Upsets have come a plenty in this year’s Australian Open men’s singles tournament as most of the top seeds have been shown the showers, leaving one man to fight for the reputation of top-level tennis.
Roger Federer may be one of the oldest men in the game, but his quarterfinal battle against Tomas Berdych will prove, one more time, why he is surely the best the game has seen, perhaps ever.
Yesterday saw an exit by world number 1, Rafael Nadal, at the hands of 6th seed Marin Cilic on the Rod Laver arena and while the Spaniard was forced to retire due to an injury in the fifth set, Cilic’s big base-line game and pure aggression was enough to hold Rafa’ back quite decisively.
Similarly, world number 3, Grigor Dimitrov, fell 3 sets to 1 against a top 50s player; relative newcomer, Kyle Edmund. In what was a sure-fire show of ambition and power, Edmund emphasised his big ground strokes pushing Dimitrov further and further back until it became a question of time.
However, perhaps the biggest upset in this year’s edition came with the elimination of former number 1 Novak Djokovic, in straight sets at the hands of 58th seed, Chung Hyeon.
The common thread is that all the victors are below 30 years of age.
Yet, before harking the coming of a new age of players, as I’m sure will be the case at some point, it is important to note that all these players have similar styles. Call it complacency or blame the heat, the above three matches were all one by whoever was hungriest for the win.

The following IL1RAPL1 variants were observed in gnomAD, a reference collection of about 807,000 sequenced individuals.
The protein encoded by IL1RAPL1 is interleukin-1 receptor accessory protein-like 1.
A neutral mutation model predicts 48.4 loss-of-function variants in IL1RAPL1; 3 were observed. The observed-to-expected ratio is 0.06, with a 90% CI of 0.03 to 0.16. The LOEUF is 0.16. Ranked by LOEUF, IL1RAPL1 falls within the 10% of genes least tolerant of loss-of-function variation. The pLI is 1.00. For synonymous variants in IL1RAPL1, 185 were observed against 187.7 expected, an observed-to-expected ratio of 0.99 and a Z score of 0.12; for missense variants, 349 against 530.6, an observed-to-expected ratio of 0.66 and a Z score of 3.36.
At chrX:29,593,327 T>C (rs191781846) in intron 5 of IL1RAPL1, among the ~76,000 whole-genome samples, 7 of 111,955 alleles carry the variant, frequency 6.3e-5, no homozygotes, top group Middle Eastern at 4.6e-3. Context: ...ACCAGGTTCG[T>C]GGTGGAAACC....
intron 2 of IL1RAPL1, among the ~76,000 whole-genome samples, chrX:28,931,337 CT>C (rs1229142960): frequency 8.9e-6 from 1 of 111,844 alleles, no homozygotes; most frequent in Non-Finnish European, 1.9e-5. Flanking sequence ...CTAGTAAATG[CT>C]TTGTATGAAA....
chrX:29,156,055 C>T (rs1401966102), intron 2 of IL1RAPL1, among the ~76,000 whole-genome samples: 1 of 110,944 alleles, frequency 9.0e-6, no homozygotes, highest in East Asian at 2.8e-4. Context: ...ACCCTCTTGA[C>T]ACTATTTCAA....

A reason which could play quite well into Federer’s title ambitions.
The 36-year-old’s recent run has seen him win various master’s tournaments, but his last grand-slam title was Wimbledon. No small feat, but this is Federer we’re talking about. It’s been a good six-months or so since that monstrous one-hand backhand has blasted its way to the final and then up onto the top of the podium.
It could well be he’s out to taste that title victory again.
In his recent interviews, while others have complained about the conditions of this year’s tournament – the hottest its been in the last few years – Rog’ has coolly focused on the game ahead, stating he didn’t think the younger guys would mind, so he wouldn’t make too much of it either.
With 4 straight set victories so far and a strong return of his serve, following a shoulder injury late last year, Federer could well be headed to his umpteenth Australian open.
Cementing the notion that all athletes age, but some are Roger Federer and some just aren’t